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LaTeX versus WYSYWIG: Usability, security and enjoyability

Updated on January 30, 2016
Latex may never give you anything like this but...
Latex may never give you anything like this but...

LaTeX is a typesetting markup language originally developed by Donald Knuth who wanted to produce high quality documents together with software to convert it into a number of output formats. It has been around for more than thirty years and is now capable of just about anything specialist printers can do, except perhaps for setting letterpress fonts in a printing machine. It can also handle cross references and bibliographies.

LaTeX users tend to cluster in Academia, mostly in the hard sciences, including mathematics, though there are users in “softer” disciplines [1]. It is however almost totally absent in enterprise settings. One reason for this is that in enterprise settings there is little call for elegant typesetting and even less appreciation of it. Documents are considered functional and time taken making them look elegant is begrudged.

LaTeX is unlikely ever to penetrate the business world, even software engineering. This is not necessarily a bad thing: it is probably good to preserve the few remaining barriers between Academia and Business.

... This should be a doddle
... This should be a doddle


Knauff [2] conducted an experiment involving four groups of subjects: novice and expert users of Microsoft Word and novice and expert users of LaTeX with three types of document, short continuous text, tex containing a table and equation text. Users were given 30 minutes to transcribe the text into either LaTeX, using a variety of LaTeX Editors, or Word. The results indicated that for short continuous text both novice and expert Word users transcribed more text than either novice or expert LaTeX users in the time allowed while word experts produced more than LaTeX experts and Word Novices produced more text than LaTeX Novices. The number of orthographic and grammatical errors did not differ significantly between Word and LaTeX users but Word experts made significantly fewer formatting mistakes than LaTeX experts and Word novices made significantly fewer formatting mistakes than LaTeX novices and indeed Word novices also made significantly fewer formatting mistakes than LaTeX experts Word experts wrote significantly more text than LaTeX experts and Word novices wrote significantly more text than LaTeX novices.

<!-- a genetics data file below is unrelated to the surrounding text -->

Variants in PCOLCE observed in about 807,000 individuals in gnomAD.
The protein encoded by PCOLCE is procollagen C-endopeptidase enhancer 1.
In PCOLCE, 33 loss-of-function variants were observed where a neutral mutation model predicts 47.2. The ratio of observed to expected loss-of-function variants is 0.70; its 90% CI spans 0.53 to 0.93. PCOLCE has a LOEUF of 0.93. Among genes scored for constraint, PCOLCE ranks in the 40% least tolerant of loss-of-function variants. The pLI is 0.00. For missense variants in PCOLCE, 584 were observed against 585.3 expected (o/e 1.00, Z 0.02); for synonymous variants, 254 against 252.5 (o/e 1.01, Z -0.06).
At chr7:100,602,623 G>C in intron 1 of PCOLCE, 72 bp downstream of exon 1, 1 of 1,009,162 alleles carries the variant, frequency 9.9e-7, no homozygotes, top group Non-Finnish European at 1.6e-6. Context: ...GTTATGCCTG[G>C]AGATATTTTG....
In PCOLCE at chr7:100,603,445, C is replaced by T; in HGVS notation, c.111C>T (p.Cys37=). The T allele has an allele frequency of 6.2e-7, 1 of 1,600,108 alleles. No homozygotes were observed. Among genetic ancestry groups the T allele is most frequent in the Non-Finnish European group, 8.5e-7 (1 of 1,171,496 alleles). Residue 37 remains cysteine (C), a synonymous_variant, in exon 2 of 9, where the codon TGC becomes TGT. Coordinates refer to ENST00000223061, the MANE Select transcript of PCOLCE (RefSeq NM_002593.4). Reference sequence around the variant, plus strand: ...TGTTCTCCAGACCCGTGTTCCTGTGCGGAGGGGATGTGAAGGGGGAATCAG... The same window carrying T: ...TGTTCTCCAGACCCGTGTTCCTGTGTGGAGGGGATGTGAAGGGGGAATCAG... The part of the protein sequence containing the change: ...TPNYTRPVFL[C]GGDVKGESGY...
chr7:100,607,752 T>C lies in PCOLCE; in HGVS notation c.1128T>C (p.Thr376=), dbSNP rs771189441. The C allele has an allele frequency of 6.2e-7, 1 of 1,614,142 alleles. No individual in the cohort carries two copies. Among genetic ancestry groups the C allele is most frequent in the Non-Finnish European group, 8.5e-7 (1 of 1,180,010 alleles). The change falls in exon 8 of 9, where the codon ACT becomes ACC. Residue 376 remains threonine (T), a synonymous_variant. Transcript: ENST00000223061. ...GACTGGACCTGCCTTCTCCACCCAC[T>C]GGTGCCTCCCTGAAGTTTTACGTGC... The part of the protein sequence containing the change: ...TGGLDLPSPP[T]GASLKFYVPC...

For the table text Word users (both novices and experts) made significantly fewer formatting mistakes and wrote more text within 30 minutes than LaTeX novice and expert users. Word experts made significantly fewer formatting mistakes than LaTeX experts and Word novices made significantly fewer mistakes than LaTeX novices. Word experts wrote significantly more text than LaTeX experts and Word novices wrote significantly more text than LaTeX novices. Word novices made significantly fewer formatting mistakes and produced more text than LaTeX experts.